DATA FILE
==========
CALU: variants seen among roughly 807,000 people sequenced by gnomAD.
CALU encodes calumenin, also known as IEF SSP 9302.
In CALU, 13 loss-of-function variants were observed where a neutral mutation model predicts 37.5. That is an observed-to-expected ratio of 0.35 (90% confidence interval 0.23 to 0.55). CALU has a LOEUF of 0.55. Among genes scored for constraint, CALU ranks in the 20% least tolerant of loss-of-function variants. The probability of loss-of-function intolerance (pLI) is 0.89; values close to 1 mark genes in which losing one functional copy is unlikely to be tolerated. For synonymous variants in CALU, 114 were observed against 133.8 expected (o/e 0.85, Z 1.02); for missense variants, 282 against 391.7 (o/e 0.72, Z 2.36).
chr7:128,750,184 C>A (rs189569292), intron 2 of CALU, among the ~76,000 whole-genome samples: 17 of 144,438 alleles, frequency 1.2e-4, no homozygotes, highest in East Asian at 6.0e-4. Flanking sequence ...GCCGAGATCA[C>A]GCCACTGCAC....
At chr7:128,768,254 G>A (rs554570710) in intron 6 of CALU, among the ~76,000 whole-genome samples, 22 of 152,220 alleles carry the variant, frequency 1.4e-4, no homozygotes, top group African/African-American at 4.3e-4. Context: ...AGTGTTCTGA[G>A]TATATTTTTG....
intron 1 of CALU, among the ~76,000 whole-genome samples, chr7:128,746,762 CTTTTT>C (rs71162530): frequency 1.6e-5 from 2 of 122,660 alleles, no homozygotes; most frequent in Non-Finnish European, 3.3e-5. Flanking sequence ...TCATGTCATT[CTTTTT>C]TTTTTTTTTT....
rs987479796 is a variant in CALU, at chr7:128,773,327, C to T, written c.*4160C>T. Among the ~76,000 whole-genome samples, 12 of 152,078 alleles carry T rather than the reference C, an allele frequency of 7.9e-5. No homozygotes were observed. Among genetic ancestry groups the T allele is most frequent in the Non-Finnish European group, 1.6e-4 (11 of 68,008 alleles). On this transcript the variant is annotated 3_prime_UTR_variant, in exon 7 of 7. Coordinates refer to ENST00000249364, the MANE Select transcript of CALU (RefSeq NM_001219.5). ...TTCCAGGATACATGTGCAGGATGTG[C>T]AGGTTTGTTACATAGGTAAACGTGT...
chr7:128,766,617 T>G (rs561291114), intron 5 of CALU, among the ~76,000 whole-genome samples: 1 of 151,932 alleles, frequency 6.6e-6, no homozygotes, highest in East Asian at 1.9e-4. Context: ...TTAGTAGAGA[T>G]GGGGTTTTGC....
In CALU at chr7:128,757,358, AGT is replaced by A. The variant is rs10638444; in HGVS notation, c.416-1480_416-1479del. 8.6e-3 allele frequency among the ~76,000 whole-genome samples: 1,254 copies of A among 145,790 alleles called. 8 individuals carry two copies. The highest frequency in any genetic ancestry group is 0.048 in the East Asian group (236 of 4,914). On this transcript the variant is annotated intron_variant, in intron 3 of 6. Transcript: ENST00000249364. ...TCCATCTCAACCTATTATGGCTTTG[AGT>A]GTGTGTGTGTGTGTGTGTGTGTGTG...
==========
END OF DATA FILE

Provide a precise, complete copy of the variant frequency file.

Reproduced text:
CALU: variants seen among roughly 807,000 people sequenced by gnomAD.
CALU encodes calumenin, also known as IEF SSP 9302.
In CALU, 13 loss-of-function variants were observed where a neutral mutation model predicts 37.5. That is an observed-to-expected ratio of 0.35 (90% confidence interval 0.23 to 0.55). CALU has a LOEUF of 0.55. Among genes scored for constraint, CALU ranks in the 20% least tolerant of loss-of-function variants. The probability of loss-of-function intolerance (pLI) is 0.89; values close to 1 mark genes in which losing one functional copy is unlikely to be tolerated. For synonymous variants in CALU, 114 were observed against 133.8 expected (o/e 0.85, Z 1.02); for missense variants, 282 against 391.7 (o/e 0.72, Z 2.36).
chr7:128,750,184 C>A (rs189569292), intron 2 of CALU, among the ~76,000 whole-genome samples: 17 of 144,438 alleles, frequency 1.2e-4, no homozygotes, highest in East Asian at 6.0e-4. Flanking sequence ...GCCGAGATCA[C>A]GCCACTGCAC....
At chr7:128,768,254 G>A (rs554570710) in intron 6 of CALU, among the ~76,000 whole-genome samples, 22 of 152,220 alleles carry the variant, frequency 1.4e-4, no homozygotes, top group African/African-American at 4.3e-4. Context: ...AGTGTTCTGA[G>A]TATATTTTTG....
intron 1 of CALU, among the ~76,000 whole-genome samples, chr7:128,746,762 CTTTTT>C (rs71162530): frequency 1.6e-5 from 2 of 122,660 alleles, no homozygotes; most frequent in Non-Finnish European, 3.3e-5. Flanking sequence ...TCATGTCATT[CTTTTT>C]TTTTTTTTTT....
rs987479796 is a variant in CALU, at chr7:128,773,327, C to T, written c.*4160C>T. Among the ~76,000 whole-genome samples, 12 of 152,078 alleles carry T rather than the reference C, an allele frequency of 7.9e-5. No homozygotes were observed. Among genetic ancestry groups the T allele is most frequent in the Non-Finnish European group, 1.6e-4 (11 of 68,008 alleles). On this transcript the variant is annotated 3_prime_UTR_variant, in exon 7 of 7. Coordinates refer to ENST00000249364, the MANE Select transcript of CALU (RefSeq NM_001219.5). ...TTCCAGGATACATGTGCAGGATGTG[C>T]AGGTTTGTTACATAGGTAAACGTGT...
chr7:128,766,617 T>G (rs561291114), intron 5 of CALU, among the ~76,000 whole-genome samples: 1 of 151,932 alleles, frequency 6.6e-6, no homozygotes, highest in East Asian at 1.9e-4. Context: ...TTAGTAGAGA[T>G]GGGGTTTTGC....
In CALU at chr7:128,757,358, AGT is replaced by A. The variant is rs10638444; in HGVS notation, c.416-1480_416-1479del. 8.6e-3 allele frequency among the ~76,000 whole-genome samples: 1,254 copies of A among 145,790 alleles called. 8 individuals carry two copies. The highest frequency in any genetic ancestry group is 0.048 in the East Asian group (236 of 4,914). On this transcript the variant is annotated intron_variant, in intron 3 of 6. Transcript: ENST00000249364. ...TCCATCTCAACCTATTATGGCTTTG[AGT>A]GTGTGTGTGTGTGTGTGTGTGTGTG...